While the presidential election of 2022 has just ended with the re-election of the president-candidate Emmanuel Macron, several questions legitimately arise at a time of democracy weakened by the extremes.
With, in the 2nd round, a historic abstention of 28.01%, not counting 8.6% of voters who chose to vote blank or void, the election of a president as the one and only democratic way for the French Nation is no longer a dream. This is truer that it is worth noting the nearly 55% of votes cast in the second round in favor of the extremes: this demonstrates a major desire for “change” in the functioning of the French country. So, with a re-elected president talking about a “new method”, a change of course for this new five-year term, will these promises be enough to calm the country and provide enough oil for the functioning of the institutions?
The protest movements in the evening and the day after the second round do not necessarily augur well and are more rooted in a status quo, as if the country were holding its breath, waiting for what is already expected to be the third round: the legislative elections. The presidential majority has been vigorously criticized for its vision of the presidential election, criticizing it for “stepping over” the election, and yet it was already during the period between the two rounds that the question of the legislative elections was being discussed more in the media and by several political families.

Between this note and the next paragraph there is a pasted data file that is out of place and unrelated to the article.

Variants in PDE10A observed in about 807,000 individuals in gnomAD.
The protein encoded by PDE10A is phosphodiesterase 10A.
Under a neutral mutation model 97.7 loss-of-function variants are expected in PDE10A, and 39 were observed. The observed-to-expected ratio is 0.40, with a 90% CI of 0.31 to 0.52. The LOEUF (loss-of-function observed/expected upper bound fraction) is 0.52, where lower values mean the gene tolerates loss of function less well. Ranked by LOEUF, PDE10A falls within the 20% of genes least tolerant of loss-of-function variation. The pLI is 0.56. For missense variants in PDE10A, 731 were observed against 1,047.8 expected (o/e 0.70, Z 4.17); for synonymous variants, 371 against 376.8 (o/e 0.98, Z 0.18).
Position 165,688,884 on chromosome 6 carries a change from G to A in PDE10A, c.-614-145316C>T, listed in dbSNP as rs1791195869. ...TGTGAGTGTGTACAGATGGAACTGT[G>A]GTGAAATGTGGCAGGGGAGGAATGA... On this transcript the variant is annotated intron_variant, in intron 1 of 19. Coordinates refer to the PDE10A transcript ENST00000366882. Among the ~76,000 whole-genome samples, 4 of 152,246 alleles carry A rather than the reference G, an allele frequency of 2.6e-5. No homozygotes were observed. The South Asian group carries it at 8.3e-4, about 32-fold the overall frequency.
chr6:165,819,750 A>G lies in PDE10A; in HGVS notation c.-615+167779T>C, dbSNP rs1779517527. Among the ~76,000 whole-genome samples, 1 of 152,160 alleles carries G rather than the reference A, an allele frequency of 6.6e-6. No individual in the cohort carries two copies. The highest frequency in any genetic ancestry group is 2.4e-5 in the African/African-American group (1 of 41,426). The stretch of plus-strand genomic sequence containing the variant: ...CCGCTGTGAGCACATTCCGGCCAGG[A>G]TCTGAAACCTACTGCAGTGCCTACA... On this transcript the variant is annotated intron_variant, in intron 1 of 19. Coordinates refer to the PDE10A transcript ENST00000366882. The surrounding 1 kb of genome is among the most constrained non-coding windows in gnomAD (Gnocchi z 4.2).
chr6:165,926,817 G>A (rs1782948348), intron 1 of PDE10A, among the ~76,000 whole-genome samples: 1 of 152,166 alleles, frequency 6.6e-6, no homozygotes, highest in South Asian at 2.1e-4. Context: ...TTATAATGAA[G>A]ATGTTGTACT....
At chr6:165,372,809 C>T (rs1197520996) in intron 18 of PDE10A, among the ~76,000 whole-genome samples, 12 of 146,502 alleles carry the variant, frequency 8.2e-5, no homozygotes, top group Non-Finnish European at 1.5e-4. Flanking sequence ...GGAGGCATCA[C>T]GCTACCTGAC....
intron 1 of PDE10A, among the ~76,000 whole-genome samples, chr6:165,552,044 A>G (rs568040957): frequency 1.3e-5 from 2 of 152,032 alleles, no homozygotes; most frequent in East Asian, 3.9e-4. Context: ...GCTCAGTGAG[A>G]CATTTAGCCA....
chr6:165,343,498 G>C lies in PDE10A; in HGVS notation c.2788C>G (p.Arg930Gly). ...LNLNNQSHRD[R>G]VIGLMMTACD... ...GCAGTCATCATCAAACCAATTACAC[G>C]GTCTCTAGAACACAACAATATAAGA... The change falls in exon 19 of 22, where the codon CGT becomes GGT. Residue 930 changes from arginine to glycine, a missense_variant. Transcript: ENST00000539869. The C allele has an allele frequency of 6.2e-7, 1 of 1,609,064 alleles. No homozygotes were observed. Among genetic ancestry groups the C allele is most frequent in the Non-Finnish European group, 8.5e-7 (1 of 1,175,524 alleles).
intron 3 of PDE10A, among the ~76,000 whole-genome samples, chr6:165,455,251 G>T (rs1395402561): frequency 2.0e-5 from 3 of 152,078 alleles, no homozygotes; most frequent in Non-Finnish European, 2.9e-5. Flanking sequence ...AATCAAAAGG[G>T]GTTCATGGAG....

At this time, France’s eyes are riveted on the legislative elections of next June. The re-elected President is also focused on the elections, to the extent that he has still not made his traditional visit to his German counterpart. However, with the stability to come for the next three years around the Franco-German couple, we can expect strong initiatives on the part of these two countries around proposals for the functioning of the European Union and in the prospective of its future. Even if the results of the upcoming legislative elections will have an impact on France’s influence at the European and international levels, it is certain that the re-election of President Macron will allow France to remain a figurehead on major issues such as the Green Deal or the Digital Services Act, but also, strengthened by the support of Ursula von der Leyen, on the issues of strengthening strategic autonomy.
Finally, yes, “France always has something to say to the rest of the world”. Faced with the extremes, faced with the breathlessness of democracies and of our learned societies, the necessity of a drastic change of method is imposed. Including, perhaps, on the modalities and forms of our democracies.